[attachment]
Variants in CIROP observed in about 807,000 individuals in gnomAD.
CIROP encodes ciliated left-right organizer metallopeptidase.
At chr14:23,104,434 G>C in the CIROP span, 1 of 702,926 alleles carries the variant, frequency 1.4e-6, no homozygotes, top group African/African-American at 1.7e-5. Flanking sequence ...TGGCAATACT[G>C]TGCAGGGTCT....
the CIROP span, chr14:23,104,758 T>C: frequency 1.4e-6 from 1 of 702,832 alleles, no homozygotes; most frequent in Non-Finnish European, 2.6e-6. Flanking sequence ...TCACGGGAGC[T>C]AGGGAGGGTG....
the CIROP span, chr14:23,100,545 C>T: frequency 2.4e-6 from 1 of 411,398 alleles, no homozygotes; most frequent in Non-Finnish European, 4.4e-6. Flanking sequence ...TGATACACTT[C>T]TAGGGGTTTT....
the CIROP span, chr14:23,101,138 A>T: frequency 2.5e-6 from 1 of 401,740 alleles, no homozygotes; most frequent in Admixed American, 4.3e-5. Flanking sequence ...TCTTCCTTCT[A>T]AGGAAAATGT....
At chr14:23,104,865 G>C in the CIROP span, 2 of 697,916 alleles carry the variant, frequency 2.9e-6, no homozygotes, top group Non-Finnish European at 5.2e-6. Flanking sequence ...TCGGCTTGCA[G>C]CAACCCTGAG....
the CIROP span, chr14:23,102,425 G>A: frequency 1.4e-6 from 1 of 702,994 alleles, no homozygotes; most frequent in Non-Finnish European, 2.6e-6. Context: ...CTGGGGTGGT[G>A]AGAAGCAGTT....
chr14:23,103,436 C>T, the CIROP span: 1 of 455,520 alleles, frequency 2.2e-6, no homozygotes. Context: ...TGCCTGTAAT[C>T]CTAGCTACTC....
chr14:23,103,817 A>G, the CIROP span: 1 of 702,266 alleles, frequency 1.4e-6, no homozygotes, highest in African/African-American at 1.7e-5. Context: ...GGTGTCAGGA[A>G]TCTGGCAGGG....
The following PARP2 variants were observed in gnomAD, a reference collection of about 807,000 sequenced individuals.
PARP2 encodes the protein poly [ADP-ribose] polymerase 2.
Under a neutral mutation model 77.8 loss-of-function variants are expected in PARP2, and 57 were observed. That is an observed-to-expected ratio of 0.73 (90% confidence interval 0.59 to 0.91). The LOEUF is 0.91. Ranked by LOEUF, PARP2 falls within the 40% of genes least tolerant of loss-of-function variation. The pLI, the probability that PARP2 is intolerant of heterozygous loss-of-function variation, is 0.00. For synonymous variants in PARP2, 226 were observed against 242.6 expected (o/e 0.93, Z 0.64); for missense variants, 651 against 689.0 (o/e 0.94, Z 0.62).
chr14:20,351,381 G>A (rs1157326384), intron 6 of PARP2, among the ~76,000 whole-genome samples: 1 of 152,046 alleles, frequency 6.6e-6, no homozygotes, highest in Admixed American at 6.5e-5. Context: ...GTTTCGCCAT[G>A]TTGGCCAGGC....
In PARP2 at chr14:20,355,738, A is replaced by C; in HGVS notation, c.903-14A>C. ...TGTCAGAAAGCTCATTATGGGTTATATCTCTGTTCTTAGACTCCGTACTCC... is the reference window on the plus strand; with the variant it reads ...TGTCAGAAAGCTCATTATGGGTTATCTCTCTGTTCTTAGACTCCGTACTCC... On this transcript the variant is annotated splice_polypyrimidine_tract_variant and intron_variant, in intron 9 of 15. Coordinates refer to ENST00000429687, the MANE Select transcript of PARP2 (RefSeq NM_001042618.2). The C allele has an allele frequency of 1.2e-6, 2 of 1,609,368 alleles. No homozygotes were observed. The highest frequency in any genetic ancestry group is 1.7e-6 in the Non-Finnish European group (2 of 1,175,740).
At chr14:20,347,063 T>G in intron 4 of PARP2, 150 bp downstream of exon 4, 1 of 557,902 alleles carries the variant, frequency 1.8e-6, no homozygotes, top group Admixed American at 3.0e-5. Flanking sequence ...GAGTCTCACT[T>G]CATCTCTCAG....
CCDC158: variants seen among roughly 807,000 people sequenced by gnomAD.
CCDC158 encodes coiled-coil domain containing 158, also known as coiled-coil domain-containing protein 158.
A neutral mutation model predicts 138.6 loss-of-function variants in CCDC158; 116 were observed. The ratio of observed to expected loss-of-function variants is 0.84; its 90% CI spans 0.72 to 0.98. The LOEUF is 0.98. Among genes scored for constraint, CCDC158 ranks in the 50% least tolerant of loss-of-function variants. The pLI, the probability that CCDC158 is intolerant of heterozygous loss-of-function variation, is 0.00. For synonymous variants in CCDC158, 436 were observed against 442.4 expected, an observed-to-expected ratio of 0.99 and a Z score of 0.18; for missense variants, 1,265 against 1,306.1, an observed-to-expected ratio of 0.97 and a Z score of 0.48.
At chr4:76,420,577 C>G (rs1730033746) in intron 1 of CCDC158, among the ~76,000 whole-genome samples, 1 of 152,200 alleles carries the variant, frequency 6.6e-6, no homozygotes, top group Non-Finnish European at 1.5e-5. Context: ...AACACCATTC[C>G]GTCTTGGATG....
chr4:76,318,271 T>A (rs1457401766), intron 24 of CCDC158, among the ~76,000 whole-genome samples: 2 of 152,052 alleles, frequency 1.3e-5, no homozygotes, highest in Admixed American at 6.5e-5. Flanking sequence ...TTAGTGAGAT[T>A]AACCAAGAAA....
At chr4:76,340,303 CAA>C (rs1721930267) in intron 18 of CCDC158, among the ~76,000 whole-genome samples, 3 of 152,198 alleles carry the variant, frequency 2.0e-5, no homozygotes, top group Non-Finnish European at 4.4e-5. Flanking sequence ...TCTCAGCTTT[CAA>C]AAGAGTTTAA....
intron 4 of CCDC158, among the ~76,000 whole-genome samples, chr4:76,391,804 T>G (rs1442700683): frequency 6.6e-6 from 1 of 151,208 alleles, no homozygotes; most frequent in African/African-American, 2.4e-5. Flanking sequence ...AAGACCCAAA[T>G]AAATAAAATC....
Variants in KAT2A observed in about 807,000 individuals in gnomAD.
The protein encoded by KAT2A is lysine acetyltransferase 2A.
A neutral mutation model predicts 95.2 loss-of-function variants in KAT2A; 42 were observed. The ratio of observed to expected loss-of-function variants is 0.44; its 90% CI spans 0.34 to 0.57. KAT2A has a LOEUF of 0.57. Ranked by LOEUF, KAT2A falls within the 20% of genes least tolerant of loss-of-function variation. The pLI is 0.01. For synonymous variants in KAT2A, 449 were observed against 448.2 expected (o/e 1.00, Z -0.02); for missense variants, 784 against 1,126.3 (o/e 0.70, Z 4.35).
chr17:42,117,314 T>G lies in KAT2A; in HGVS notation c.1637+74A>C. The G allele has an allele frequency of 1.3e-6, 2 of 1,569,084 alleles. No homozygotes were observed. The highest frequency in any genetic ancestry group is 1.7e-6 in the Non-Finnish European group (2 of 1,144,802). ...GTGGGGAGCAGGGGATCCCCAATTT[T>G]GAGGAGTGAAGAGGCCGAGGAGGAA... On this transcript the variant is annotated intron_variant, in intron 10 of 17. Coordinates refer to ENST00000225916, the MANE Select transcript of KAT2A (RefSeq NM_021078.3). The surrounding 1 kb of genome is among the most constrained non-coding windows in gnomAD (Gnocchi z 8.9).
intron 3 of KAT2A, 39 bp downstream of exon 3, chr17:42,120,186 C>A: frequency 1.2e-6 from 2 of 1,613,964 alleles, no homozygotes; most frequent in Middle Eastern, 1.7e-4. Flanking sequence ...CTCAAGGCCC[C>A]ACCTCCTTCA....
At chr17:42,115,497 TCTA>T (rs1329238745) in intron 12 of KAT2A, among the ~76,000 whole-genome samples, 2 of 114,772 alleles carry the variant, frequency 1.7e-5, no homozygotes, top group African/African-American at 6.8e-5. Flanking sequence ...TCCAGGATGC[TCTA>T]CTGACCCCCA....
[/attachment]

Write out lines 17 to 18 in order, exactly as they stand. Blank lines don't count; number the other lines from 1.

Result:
CCDC158: variants seen among roughly 807,000 people sequenced by gnomAD.
CCDC158 encodes coiled-coil domain containing 158, also known as coiled-coil domain-containing protein 158.